fleet tracking

How to Choose the Right Trailer Tracking Solution

March 22, 2018

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It’s 11 p.m. Do you know where your trailers are?

Trailers aren’t very interesting when you get right down to it. Ideally, they just do their jobs with a minimum of fuss. The trailer tracking solution you choose to help manage your assets and keep up with their maintenance should be just as simple and efficient as the trailer itself.

Of all trailer-tracking products currently on the market, some are better-equipped for the real, practical world of trailers than others. It pays to shop around.

Let’s consider a few things you should be looking for in a trailer-tracking solution that’s just as practical as a trailer itself.

Battery Life

Your trailer tracker needs to operate independently of any power source. Most trailers don’t have their own built-in generators, and being occasionally disconnected from truck power (as they are at depot) would render them useless.

Choose a solution with enough battery reserve to last a few years, at least. The best trailer trackers last up to five years with no maintenance at all — not even charging.

To help better manage your trailers, the tracker should also include a low-battery alert and monitoring options so that your team never has to worry about losing visibility of your trailers.

Network Access

Trailer trackers require cell networks to “phone home.” Be sure your tracker can use at minimum the 3G digital cell network — the one still installed and active throughout the country. The old 2G network was recently retired, a development that made some previous-generation trackers instantly obsolete.

Your tracker should take advantage of HSPA, or High Speed Packet Access. This protocol is customized to extend the range provided by 3G. It allows data interchange to occur at signal levels that might not support voice communication or web browsing.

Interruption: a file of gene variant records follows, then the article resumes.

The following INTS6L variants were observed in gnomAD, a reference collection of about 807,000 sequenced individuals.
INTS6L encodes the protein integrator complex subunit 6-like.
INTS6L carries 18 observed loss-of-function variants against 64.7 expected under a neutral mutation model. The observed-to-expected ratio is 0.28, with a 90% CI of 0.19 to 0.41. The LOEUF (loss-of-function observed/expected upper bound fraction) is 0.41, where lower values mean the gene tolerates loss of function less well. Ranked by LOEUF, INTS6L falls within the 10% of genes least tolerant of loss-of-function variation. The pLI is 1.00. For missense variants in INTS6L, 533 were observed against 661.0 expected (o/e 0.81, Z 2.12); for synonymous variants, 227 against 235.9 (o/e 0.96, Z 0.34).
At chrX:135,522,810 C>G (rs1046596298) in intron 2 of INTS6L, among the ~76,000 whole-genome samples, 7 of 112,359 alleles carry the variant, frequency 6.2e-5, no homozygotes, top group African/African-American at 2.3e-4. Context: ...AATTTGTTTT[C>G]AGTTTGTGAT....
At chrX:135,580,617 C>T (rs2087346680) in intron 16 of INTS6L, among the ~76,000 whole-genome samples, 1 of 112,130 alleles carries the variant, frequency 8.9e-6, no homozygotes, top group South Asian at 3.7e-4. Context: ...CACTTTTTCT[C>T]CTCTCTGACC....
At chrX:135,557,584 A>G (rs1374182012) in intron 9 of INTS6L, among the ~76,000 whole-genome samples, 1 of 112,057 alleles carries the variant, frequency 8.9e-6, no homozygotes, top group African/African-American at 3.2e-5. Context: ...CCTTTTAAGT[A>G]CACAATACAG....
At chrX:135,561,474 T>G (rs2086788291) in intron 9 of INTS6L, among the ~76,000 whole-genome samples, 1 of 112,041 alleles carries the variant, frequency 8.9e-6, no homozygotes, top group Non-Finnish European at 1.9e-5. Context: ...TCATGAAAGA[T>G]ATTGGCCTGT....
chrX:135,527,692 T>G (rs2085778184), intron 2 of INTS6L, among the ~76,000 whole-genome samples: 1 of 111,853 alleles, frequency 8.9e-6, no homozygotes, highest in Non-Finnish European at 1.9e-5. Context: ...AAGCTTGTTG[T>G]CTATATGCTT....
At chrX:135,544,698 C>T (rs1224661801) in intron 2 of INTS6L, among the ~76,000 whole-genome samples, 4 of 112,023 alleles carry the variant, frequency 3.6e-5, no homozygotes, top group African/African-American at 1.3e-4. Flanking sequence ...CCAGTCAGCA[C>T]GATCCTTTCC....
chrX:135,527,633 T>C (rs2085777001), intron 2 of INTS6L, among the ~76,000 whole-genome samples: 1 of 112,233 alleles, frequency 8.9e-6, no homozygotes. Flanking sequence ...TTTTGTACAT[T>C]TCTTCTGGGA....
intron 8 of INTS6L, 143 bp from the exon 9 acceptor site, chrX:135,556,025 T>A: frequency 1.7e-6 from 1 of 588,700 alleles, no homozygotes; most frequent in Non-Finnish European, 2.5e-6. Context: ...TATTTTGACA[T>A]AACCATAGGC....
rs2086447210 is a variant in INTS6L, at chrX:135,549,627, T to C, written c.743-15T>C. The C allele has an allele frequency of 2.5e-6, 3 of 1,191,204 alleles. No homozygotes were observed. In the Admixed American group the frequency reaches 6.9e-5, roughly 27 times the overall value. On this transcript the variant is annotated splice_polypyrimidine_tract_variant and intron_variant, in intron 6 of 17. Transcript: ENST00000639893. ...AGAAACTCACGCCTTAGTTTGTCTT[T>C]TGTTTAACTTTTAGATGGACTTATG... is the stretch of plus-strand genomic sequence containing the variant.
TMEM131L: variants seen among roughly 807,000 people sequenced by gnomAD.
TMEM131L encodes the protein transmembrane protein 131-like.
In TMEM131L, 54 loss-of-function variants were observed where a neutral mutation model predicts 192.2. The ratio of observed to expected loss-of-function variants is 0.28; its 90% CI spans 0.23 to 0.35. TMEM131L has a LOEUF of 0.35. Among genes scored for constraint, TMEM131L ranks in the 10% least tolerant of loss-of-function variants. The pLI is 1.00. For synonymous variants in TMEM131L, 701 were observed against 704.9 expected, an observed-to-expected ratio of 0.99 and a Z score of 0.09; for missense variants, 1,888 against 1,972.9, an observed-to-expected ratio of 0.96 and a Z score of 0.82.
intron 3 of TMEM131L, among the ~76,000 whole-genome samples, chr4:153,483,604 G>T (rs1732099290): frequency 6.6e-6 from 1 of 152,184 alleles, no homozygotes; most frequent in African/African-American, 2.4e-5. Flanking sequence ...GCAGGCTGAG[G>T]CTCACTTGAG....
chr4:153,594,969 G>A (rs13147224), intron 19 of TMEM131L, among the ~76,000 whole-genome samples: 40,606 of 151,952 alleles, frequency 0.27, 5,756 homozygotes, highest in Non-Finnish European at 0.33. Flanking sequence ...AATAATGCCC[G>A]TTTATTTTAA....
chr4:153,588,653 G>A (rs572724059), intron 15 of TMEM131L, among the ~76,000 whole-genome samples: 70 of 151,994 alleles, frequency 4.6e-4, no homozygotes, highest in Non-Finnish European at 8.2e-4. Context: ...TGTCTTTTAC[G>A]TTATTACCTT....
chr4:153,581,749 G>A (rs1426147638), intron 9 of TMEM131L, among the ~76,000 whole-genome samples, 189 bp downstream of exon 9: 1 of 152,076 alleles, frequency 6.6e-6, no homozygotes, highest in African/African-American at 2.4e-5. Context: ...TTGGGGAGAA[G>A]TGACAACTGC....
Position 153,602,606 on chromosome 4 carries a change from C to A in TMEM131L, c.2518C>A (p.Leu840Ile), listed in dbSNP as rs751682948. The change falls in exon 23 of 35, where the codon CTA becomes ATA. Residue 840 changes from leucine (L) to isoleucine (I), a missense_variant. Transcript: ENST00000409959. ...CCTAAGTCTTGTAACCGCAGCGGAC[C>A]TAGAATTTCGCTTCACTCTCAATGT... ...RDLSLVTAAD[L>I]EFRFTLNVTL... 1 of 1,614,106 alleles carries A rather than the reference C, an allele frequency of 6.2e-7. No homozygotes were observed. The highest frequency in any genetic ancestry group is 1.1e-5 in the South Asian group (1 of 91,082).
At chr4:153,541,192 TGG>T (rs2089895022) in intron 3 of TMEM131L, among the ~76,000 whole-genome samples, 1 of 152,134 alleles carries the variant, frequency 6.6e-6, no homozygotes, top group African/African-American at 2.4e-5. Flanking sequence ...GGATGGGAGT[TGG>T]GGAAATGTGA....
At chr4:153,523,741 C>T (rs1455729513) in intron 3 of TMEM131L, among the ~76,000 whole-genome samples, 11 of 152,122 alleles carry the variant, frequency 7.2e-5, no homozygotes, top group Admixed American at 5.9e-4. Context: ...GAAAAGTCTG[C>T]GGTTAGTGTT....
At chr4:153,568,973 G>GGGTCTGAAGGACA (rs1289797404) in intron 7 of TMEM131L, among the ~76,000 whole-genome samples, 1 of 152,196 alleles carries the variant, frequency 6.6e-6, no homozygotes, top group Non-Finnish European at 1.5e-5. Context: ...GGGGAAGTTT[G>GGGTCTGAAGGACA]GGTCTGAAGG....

In addition, look for over-the-air (OTA) serviceability. You shouldn’t need to track down your tracker and plug into it (or remove it from the trailer) whenever it’s necessary to update a minor parameter.

Durability

Look for a device that can stand up to everything the world might throw at it. Trailers lead tough lives, so you need a tough device. Your trailer tracker should meet or exceed IP67 standards for moisture and dust rejection.

One can’t expect a trailer to even be insulated, much less climate-controlled. That means your tracker needs to be proven to operate in a temperature range from bone-shattering cold to blood-boiling hot, and everything in between.

Make sure your tracker has protected, internal cell, and GPS antennas.

Completeness

Your trailer tracker should have everything needed to get started tracking your trailer from day one.

You’re looking for a tough built-in mounting bracket, an activation magnet to get it started (there are no external controls to break off or get clogged with dirt), and easy, intuitive operation. It should integrate seamlessly with your fleet management software.

In short, your trailer tracker should be plug-and-play, and as easy to understand as the function of your trailer itself.

Conclusion

The fleet tracking revolution has made it from the tractor all the way back to the trailer. You now have options to help track a trailer — any trailer — just as efficiently as your fleet tracking solution allows you to manage the truck hauling it.

Trailers deserve their own special solution, given their needs. Make sure the one you choose keeps things simple, easy, and efficient.

 

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